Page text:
The complications of otitis retained by the respondents were sepsis (98.3%), meningitis (93.8%), peripheral facial palsy (93.8%), lateral sinus thrombophlebitis (73.4%), cerebellar abscess (70.9%) and subdural empyema (68.9%).
According to the scores obtained and the levels of knowledge arbitrarily defined, the general level of knowledge about otitis was good in 182 doctors surveyed (51%), average in 174 (48.7%) and low in 1 (0.3%). The level of knowledge was not significantly related to the respondent current status (p = 0.317).
The types of otitis already treated by the physicianwere otitis externa (70.9%), and otitis media (68.3%). A proportion of 11.2% of the respondents stated that they did not know if otitis could be definitely cured.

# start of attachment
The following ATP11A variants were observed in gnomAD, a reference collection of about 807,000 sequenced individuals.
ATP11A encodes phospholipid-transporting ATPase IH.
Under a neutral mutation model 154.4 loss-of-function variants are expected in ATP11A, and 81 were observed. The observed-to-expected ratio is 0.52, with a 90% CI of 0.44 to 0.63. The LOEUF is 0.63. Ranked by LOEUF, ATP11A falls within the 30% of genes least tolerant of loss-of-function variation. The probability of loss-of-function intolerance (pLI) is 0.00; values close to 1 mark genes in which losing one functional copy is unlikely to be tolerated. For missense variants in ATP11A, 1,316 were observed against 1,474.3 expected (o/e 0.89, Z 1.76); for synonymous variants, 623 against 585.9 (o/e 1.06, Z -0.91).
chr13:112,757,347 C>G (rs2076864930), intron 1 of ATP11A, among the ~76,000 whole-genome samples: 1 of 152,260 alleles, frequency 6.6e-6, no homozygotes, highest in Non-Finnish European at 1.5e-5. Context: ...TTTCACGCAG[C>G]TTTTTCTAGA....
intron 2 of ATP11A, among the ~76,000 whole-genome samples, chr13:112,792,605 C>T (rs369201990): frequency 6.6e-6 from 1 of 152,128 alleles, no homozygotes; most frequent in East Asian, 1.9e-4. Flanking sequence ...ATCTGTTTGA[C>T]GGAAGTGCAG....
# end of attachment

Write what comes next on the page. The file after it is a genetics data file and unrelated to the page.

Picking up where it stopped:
When it comes to the treatment of otitis, 96.4% of the physicians surveyed reported that they routinely use an antibiotic. The first-line antibiotic used was Betalactamine (63.4%). In the treatment of ear infections, 70.3% of the physicians surveyed reported using an anti-inflammatory. Nonsteroidal anti-inflammatory drugs (NSAIDs) were used in 73.7% of cases against 26.3% of corticoids. Doctoral students in thesis year (interns) tended to prescribe corticoids more than their seniors (p ˂ 0.0001). In the treatment of ear infections, 98% of physicians reported using an analgesic. WHO Step 1 analgesics were used 77.7% of cases. Approximately thirty four percent (34.2%) of physicians prescribed other medications besides antibiotics, anti-inflammatories, and pain relievers. Ear drops were prescribed in 86.1% of cases of otitis externa.